I remember being bullied as a child for being overweight.
The effects of the name-calling, exclusion, and isolation stayed with me well into my teenage years and even into young adulthood. It shaped how I viewed myself and the world around me.
When I became an adult, earned an education, and entered the workforce, my confidence grew. I felt empowered and ready to face the world. More importantly, I had also developed a relationship with God in my early 20s that provided the foundation I needed to start living life.
I didn’t think I’d ever have to endure bullying again. I was wrong.
What Is Workplace Bullying?
According to the Workplace Bullying Institute, workplace bullying is:
Repeated, health-harming mistreatment of one or more persons (targets) by one or more perpetrators.
It includes threatening, humiliation, intimidation, verbal abuse, and prevents work from getting done.
According to the Workplace Bullying Institute 2017 national survey report:
19% of Americans are bullied, another 19% witness it
60.4 million Americans are affected by it
70% of perpetrators are men; 60% of targets are women
Women bully other women in 67% of cases
To stop it, 65% of targets of bullying leave their jobs
Through my experiences with workplace bullying, I have learned that there are right and wrong ways to handle it. If you are dealing with being bullied at work, here are six practical and actionable tips that may help you deal with it.
1. Don’t Blame Yourself
I struggled a lot with self-blame when I was being bullied at work. I would beat myself up for making mistakes, or being new and asking too many questions.
Often times, I even criticized myself for the way I responded to the bullying, telling myself I should have a thicker skin. I guess I somehow forgot that I was a human being with feelings.
Eventually, I wised up and realized that the bullying wasn’t my fault. It wasn’t about me. It was about the bully’s own issues and warped perception.
Bullying often stems from jealousy, insecurity, and a scarcity mindset.
If a bully perceives you as more attractive, more educated, more skilled, or more successful, their fear of you taking something from them – recognition, influence, position, etc. – can cause them to attack.
Please know that you are not to blame for another person’s insecurities. No one has the right to make you feel small to feel better about themselves.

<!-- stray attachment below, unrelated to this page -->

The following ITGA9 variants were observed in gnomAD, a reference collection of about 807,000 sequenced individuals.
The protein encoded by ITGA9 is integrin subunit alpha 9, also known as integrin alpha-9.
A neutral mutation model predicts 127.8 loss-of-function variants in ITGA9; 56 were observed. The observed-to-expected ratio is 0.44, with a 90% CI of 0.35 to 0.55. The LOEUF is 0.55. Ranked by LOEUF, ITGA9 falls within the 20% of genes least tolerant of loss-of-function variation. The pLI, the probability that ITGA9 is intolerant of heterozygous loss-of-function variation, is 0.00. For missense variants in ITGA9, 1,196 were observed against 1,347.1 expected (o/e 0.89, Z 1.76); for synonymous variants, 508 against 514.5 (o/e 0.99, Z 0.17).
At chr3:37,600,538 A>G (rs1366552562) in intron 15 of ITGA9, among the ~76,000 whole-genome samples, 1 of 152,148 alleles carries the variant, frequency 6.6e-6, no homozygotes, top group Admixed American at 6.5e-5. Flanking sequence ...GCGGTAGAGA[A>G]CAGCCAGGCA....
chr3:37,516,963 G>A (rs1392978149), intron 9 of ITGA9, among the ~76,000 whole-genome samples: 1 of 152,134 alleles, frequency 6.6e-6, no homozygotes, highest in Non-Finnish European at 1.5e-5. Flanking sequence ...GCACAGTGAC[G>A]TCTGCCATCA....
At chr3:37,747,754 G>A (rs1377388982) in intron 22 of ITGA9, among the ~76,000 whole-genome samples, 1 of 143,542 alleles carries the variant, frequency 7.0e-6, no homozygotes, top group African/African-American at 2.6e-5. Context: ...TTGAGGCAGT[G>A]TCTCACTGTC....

Believe me, I totally understand that it is difficult to not take the bullying personal. After all, the bully is making it personal. But, remember: you were hired for your skills, talents, and what you bring to the job. Keeping that in mind should help you see that it really isn’t about you.
2. Confront Without Being Confrontational
It is human nature to become defensive when someone is insulting or condescending, especially if you have done nothing to provoke them.
However, when it comes to confronting a workplace bully, keeping your composure is very important.
First, one of the bully’s goals is to provoke you to respond in a negative way. Whether you become flustered and make mistakes, lash out at them, or quit your job – their goal is to get a reaction out of you.
Second, you want to avoid being seen in the same way as the bully by responding angrily or unprofessional. Even though you were provoked, your employer will see you as the problem if you go off on your coworker.
Tips For Confronting Your Bully:
Address it when it happens; don’t let it slide
You’ll likely be thrown off by it because you aren’t expecting it. That’s OK. Compose yourself, gather your thoughts, then say something. Keep it short and to-the-point. Here’s an example:
I would like to address the comment you made earlier (state comment, being specific), and am asking you not to speak to me in that tone or with that language.
Remove the audience, if possible
Bullies will often try to humiliate you in front of others. That’s part of the humiliation – being put down in front of your colleagues is embarrassing.
When you speak up (see above), consider waiting until no one is around, or even pulling them to the side. Don’t worry about trying to save face in front of coworkers by publicly denouncing your bully. It’s not about them, so it doesn’t matter what they think.
Know when not to confront
There may be times when your bully’s behavior is extreme, i.e., they are in your face or threatening you. If this happens, avoid confrontation and report immediately. You are dealing with an unstable individual and there is likely nothing you can say that will help the situation.
3. Document Everything
I’m sure you’ve heard this before, but I cannot stress enough the importance of documenting your encounters with the bully by writing them down.